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The standoff between Amazon and Hachette has harmed authors more than either corporation. The corporations are surviving on massive war chests and alternate revenue streams. Authors, however, are far more adversely affected by reduced book pre-sales and the sale of electronic books (available immediately) versus physical books (artificially delayed by Amazon). In an attempt to […]

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Amazon Opens Eastern Front

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As Amazon and Hachette continue to battle it out, the online retailer has opened an eastern front, delaying shipments from Bonnier, a German publishing group. The German Publishers and Booksellers Association has filed an anti-trust complaint. Amazon, of course, denies the accusation. British booksellers are also concerned with Amazon as the retailer looks to impose new contract […]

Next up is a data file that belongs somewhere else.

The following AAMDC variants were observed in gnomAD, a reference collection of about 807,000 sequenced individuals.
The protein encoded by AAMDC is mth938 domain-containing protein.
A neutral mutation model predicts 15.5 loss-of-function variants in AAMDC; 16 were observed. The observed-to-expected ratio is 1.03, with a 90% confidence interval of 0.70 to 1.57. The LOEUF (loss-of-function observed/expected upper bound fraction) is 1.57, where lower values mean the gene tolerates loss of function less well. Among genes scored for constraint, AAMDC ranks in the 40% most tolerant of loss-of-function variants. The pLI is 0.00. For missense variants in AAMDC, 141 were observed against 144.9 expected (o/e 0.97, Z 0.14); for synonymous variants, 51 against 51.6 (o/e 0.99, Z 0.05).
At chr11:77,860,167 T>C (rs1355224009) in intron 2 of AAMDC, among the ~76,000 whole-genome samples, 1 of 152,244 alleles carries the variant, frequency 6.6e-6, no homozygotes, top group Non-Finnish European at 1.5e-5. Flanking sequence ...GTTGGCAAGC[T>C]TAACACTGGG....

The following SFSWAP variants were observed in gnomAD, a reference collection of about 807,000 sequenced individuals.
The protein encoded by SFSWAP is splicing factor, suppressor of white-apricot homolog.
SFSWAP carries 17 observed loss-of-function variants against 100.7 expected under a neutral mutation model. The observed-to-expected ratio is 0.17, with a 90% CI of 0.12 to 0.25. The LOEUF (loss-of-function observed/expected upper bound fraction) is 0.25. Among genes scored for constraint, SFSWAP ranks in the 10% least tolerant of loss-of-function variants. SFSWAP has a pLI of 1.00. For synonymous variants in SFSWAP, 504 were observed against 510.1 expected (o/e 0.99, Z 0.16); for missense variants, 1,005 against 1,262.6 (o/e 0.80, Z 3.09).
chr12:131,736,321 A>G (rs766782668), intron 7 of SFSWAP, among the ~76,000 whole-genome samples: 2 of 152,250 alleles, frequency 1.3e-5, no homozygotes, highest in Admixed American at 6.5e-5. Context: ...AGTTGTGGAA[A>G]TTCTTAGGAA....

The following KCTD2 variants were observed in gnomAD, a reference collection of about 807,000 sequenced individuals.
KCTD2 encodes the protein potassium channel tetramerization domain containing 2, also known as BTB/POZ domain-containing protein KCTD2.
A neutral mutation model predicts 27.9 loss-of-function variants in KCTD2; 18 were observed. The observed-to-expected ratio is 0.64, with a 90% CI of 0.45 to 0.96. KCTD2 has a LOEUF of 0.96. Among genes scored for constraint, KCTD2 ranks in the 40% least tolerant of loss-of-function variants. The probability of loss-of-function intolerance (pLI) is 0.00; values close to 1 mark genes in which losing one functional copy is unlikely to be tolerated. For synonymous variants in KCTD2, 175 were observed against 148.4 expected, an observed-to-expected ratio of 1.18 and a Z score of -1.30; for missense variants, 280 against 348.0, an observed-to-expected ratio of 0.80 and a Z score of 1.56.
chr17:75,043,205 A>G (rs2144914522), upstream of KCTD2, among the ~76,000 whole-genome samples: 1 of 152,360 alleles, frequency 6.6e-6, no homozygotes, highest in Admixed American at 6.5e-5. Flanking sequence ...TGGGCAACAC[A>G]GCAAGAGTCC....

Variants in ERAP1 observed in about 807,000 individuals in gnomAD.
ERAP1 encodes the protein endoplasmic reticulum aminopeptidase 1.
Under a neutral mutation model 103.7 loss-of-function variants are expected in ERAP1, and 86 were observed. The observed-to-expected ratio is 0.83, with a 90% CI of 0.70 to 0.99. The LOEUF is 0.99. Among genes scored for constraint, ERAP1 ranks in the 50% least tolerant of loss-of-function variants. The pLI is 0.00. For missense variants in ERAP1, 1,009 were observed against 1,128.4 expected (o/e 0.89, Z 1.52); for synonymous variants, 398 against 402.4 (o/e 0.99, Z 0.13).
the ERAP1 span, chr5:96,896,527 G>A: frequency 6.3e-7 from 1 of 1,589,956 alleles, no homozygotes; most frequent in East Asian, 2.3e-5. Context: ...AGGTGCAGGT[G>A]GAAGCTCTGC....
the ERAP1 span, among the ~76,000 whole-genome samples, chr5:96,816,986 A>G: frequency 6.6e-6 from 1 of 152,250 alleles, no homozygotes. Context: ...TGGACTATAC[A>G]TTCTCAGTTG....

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Pixels vs. Paper

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There’s long been debate over e-books vs. paper books. Now, the Financial Times reports on new research that shows that digital devices encourage deep reading while printed books are better for an active learning. But, in the end, “there doesn’t seem to be any convincing evidence that reading on screen or paper is better per se.”

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Digital Age Changes Writing